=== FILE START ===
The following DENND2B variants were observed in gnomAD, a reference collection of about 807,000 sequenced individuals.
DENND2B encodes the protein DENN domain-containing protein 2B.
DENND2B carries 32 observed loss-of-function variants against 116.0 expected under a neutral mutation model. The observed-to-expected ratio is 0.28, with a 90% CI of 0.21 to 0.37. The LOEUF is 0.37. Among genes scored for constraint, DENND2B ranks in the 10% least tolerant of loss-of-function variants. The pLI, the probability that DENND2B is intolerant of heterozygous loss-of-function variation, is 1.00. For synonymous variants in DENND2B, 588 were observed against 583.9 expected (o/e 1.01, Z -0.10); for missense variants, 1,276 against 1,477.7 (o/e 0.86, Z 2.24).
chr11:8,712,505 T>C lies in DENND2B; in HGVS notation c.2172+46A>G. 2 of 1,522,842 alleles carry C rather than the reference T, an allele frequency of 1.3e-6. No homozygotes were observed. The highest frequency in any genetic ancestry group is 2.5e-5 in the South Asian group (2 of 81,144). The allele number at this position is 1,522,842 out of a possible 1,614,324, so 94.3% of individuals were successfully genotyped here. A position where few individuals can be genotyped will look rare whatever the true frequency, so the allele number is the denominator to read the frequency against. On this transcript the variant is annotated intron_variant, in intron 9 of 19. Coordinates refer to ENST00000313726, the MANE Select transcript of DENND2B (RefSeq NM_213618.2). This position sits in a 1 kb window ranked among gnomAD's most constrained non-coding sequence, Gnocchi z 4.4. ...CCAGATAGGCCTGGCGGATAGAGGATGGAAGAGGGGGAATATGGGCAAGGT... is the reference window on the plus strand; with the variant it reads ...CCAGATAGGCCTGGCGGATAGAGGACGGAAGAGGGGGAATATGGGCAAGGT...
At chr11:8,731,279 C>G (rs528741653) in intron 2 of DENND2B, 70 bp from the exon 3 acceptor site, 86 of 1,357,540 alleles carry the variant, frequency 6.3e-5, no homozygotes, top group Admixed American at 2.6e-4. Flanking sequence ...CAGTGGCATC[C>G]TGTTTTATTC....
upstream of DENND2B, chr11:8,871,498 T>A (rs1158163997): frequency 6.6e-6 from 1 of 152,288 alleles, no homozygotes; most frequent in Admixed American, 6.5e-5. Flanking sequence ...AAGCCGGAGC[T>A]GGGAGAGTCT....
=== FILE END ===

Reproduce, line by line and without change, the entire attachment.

The following DENND2B variants were observed in gnomAD, a reference collection of about 807,000 sequenced individuals.
DENND2B encodes the protein DENN domain-containing protein 2B.
DENND2B carries 32 observed loss-of-function variants against 116.0 expected under a neutral mutation model. The observed-to-expected ratio is 0.28, with a 90% CI of 0.21 to 0.37. The LOEUF is 0.37. Among genes scored for constraint, DENND2B ranks in the 10% least tolerant of loss-of-function variants. The pLI, the probability that DENND2B is intolerant of heterozygous loss-of-function variation, is 1.00. For synonymous variants in DENND2B, 588 were observed against 583.9 expected (o/e 1.01, Z -0.10); for missense variants, 1,276 against 1,477.7 (o/e 0.86, Z 2.24).
chr11:8,712,505 T>C lies in DENND2B; in HGVS notation c.2172+46A>G. 2 of 1,522,842 alleles carry C rather than the reference T, an allele frequency of 1.3e-6. No homozygotes were observed. The highest frequency in any genetic ancestry group is 2.5e-5 in the South Asian group (2 of 81,144). The allele number at this position is 1,522,842 out of a possible 1,614,324, so 94.3% of individuals were successfully genotyped here. A position where few individuals can be genotyped will look rare whatever the true frequency, so the allele number is the denominator to read the frequency against. On this transcript the variant is annotated intron_variant, in intron 9 of 19. Coordinates refer to ENST00000313726, the MANE Select transcript of DENND2B (RefSeq NM_213618.2). This position sits in a 1 kb window ranked among gnomAD's most constrained non-coding sequence, Gnocchi z 4.4. ...CCAGATAGGCCTGGCGGATAGAGGATGGAAGAGGGGGAATATGGGCAAGGT... is the reference window on the plus strand; with the variant it reads ...CCAGATAGGCCTGGCGGATAGAGGACGGAAGAGGGGGAATATGGGCAAGGT...
At chr11:8,731,279 C>G (rs528741653) in intron 2 of DENND2B, 70 bp from the exon 3 acceptor site, 86 of 1,357,540 alleles carry the variant, frequency 6.3e-5, no homozygotes, top group Admixed American at 2.6e-4. Flanking sequence ...CAGTGGCATC[C>G]TGTTTTATTC....
upstream of DENND2B, chr11:8,871,498 T>A (rs1158163997): frequency 6.6e-6 from 1 of 152,288 alleles, no homozygotes; most frequent in Admixed American, 6.5e-5. Flanking sequence ...AAGCCGGAGC[T>A]GGGAGAGTCT....